BCI has an ongoing criminal investigation into ex-Mahoning County Probate Court Judge Mark Belinky

By David Skolnick

There is an ongoing criminal investigation into former Mahoning County Probate Court Judge Mark Belinky, who, according to a state investigator’s affidavit, admitted stealing money from people he was a guardian over and falsifying court records, among other crimes.

Four affidavits from Ed Carlini, an Ohio Bureau of Criminal Investigation special agent, filed in September 2014, recently were unsealed in Youngstown Municipal Court with their details exclusively reported Thursday by The Vindicator.

“I can’t dispute what’s in the affidavit, but I can’t comment on it,” Dan Tierney, an attorney general spokesman, said Friday. “We stand by the information in the affidavit. The attorney general can’t comment on an ongoing investigation.”

In Carlini’s affidavits from 11 months ago he also wrote: “BCI is investigating Mark Belinky for crimes he committed from within the probate court, and in fact the auditor for the state of Ohio is currently conducting a special audit of the Mahoning County Probate Court to determine the breadth of Mark Belinky’s thievery.”

Brittany Halpin, a state auditor’s office spokeswoman, said Friday, “We do have a special audit [of the county probate court], and that audit is ongoing.”

In two of the affidavits, Carlini wrote that Belinky, a Boardman Democrat convicted July 9, 2014, of tampering with records, admitted to committing crimes “separate and apart” from that offense.

Belinky “admitted to stealing money from people that he was a guardian over and further has admitted to altering probate court documents to further such theft and has further admitted to using a Mahoning County probate computer to create false probate court records,” according to two of Carlini’s affidavits.

Belinky also used county employees, property and the county’s computer network for political purposes, Carlini wrote.

J. Gerald Ingram, Belinky’s attorney, declined to comment to The Vindicator about the investigation of his client.

Belinky resigned his judicial position May 8.

Dan Kasaris, a senior assistant attorney general, said during Belinky’s July 9, 2014, sentencing that the former judge was still being investigated, and the plea to the campaign-finance felony didn’t cover other potential crimes Belinky may have committed.

At that hearing, Kasaris said Belinky was being “very cooperative” with state investigative agencies and the FBI in “battling public corruption.”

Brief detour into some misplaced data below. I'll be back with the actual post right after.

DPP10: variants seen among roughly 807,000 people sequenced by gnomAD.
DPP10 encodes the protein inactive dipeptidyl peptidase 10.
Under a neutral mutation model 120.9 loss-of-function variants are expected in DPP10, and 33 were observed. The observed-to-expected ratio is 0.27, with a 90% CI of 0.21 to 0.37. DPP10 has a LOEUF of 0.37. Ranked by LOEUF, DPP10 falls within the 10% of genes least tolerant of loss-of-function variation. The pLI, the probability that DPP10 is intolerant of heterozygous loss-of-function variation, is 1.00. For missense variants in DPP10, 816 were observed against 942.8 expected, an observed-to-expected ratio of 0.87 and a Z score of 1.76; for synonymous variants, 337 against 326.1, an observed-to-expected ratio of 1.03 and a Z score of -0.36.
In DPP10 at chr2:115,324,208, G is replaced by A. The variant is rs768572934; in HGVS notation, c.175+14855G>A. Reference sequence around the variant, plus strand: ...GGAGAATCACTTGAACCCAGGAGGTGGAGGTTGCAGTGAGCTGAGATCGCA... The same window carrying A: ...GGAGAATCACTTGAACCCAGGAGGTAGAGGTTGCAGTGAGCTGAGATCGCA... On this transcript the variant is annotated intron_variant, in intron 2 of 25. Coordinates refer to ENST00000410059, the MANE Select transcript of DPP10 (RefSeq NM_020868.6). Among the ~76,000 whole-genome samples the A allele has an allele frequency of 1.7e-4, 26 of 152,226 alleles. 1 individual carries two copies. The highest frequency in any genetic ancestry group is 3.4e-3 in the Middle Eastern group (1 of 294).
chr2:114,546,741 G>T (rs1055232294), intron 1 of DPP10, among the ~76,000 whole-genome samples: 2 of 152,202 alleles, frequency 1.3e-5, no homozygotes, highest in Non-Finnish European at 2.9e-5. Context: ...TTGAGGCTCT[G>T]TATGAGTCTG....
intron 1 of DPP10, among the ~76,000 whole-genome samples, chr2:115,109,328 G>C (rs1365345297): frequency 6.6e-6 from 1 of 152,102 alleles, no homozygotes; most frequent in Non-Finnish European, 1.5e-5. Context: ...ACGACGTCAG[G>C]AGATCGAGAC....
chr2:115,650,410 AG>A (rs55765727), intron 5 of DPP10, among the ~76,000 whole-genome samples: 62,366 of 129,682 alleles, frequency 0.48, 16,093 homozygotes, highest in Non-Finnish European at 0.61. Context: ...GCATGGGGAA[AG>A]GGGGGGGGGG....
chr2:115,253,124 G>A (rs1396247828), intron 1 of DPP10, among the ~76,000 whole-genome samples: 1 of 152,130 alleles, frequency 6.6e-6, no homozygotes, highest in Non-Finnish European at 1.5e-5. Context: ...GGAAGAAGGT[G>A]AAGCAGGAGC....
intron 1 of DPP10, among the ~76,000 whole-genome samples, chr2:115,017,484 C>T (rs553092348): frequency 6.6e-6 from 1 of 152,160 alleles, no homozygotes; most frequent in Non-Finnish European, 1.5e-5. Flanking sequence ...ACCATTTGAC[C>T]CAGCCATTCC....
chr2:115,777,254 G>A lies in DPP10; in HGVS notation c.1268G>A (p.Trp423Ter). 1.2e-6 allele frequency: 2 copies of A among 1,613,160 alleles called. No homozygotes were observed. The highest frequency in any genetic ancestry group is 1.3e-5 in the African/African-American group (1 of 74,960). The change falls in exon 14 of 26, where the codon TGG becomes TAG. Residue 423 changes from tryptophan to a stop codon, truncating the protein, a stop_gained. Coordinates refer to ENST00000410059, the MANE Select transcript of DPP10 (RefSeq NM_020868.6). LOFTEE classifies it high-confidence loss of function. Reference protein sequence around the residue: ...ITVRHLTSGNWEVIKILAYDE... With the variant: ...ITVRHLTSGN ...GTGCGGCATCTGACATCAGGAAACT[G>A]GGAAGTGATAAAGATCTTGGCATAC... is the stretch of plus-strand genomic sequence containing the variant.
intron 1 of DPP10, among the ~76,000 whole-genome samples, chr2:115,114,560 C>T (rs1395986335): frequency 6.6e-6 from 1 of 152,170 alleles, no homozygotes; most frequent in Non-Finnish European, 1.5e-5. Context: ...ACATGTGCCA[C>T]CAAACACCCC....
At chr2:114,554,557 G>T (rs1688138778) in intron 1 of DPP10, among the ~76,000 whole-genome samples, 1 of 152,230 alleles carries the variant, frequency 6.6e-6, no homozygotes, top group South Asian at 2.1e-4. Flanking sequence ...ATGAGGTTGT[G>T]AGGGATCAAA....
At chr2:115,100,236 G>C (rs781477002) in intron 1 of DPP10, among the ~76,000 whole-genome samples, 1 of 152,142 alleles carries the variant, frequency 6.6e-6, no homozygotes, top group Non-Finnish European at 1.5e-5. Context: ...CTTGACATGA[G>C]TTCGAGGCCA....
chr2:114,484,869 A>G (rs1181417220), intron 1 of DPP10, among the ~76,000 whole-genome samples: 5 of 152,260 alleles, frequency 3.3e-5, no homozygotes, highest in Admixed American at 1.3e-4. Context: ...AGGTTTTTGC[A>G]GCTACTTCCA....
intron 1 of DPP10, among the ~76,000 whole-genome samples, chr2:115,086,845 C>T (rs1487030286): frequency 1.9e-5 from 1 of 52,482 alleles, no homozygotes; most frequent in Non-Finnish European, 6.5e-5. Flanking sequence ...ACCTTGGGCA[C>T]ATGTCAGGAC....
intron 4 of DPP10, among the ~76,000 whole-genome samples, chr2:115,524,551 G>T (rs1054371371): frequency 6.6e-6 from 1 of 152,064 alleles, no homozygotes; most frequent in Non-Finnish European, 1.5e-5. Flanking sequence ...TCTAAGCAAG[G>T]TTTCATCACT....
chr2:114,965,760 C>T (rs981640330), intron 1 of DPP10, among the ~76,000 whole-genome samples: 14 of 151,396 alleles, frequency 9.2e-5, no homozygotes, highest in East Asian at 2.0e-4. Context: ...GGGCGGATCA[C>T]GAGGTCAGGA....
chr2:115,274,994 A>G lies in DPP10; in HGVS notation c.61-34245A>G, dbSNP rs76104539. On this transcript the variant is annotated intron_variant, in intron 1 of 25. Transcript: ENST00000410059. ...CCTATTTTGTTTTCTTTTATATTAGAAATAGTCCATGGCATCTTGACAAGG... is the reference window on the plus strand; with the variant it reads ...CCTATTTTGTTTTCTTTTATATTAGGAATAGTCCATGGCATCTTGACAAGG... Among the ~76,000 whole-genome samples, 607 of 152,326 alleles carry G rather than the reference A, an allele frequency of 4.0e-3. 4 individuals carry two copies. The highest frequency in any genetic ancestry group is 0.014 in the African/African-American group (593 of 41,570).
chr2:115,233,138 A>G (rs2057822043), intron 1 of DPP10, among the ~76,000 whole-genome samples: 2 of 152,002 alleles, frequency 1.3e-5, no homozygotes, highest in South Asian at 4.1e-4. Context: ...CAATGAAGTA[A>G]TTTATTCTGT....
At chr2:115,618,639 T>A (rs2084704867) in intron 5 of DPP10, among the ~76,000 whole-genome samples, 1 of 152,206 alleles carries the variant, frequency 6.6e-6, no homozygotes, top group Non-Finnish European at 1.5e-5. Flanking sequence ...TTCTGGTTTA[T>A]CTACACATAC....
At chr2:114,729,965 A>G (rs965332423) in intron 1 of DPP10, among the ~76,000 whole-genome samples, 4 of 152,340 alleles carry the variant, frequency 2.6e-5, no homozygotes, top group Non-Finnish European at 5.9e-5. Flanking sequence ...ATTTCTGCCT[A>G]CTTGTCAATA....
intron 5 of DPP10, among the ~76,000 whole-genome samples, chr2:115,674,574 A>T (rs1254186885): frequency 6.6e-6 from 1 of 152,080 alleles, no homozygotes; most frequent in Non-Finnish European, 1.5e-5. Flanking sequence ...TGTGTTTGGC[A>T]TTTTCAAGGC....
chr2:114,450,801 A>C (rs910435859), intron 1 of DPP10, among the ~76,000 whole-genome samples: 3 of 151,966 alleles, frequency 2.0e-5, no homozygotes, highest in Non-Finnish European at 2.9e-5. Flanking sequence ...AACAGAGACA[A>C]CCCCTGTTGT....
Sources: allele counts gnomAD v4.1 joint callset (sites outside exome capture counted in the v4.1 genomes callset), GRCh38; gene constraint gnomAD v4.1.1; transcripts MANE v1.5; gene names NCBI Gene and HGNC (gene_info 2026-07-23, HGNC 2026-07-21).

Belinky was sentenced to 60 days of house arrest, 200 hours of community service and a $2,500 fine.

He admitted that during the 2008 campaign for his seat, Belinky falsified his financial records by not reporting debt and hiding the sources of loans.

The affidavits were used in September 2014 to obtain search warrants to seize computers, computer disks and software from then-county Auditor Michael V. Sciortino, a Democrat who is one of the three defendants in the Oakhill Renaissance Place criminal-corruption case.

It’s unclear why the information about Belinky was included in the affidavits.

Full Article & Source:
BCI has an ongoing criminal investigation into ex-Mahoning County Probate Court Judge Mark Belinky

Alzheimer’s Association leads panel discussion on the disease -- Conaway, Seliger discuss legislation that would provide Medicare coverage

U.S. Rep Mike Conaway speaks Monday 9-21-2015

By Erin Stone
 U.S. Rep. Mike Conaway and state Sen. Kel Seliger joined a panel of experts at The Village at Manor Park Monday evening to discuss the state of Alzheimer’s in the community. The town hall meeting consisted of a series of questions to each panel member from Janet Cross, program specialist for the local chapter of the Alzheimer’s Association.

The panel was made up of Jay Hobbs, chief operating officer at Manor Park; Jim and Alethea Blischke, who shared their personal experiences with Alzheimer’s; registered nurse Cindy Mariner at Family Physicians; and Dr. Don McLarey, internal medicine and hospice and palliative care.

Below are some takeaways from the meeting:

 -- Conaway and Seliger discussed their willingness to support the Health Outcomes, Planning, and Education (HOPE) for Alzheimer's Act, which, if passed, would provide Medicare coverage for services including clinical diagnosis of Alzheimer’s disease and care planning to provide newly diagnosed individuals and their caregivers information about medical and non-medical options for treatment and support. Conaway is a co-sponsor of the act.

-- Families dealing with Alzheimer's are faced with many challenges when it comes to guardianship across state lines. Forty-one states -- not including Texas -- have passed the Uniform Adult Guardianship and Protective Proceedings Jurisdiction Act (UAGPPJA).

Many people with Alzheimer's require the assistance of a guardian because of the debilitating nature of dementia. Adopting the guardianship act would help to remove uncertainty for individuals with dementia in crisis and help them reach appropriate resolutions faster, according to the association.

-- As many as half of the estimated 5.2 million Americans with Alzheimer’s have never received a formal diagnosis. Many doctors avoid telling patients the diagnosis due to a fear of giving bad news, McLarey said.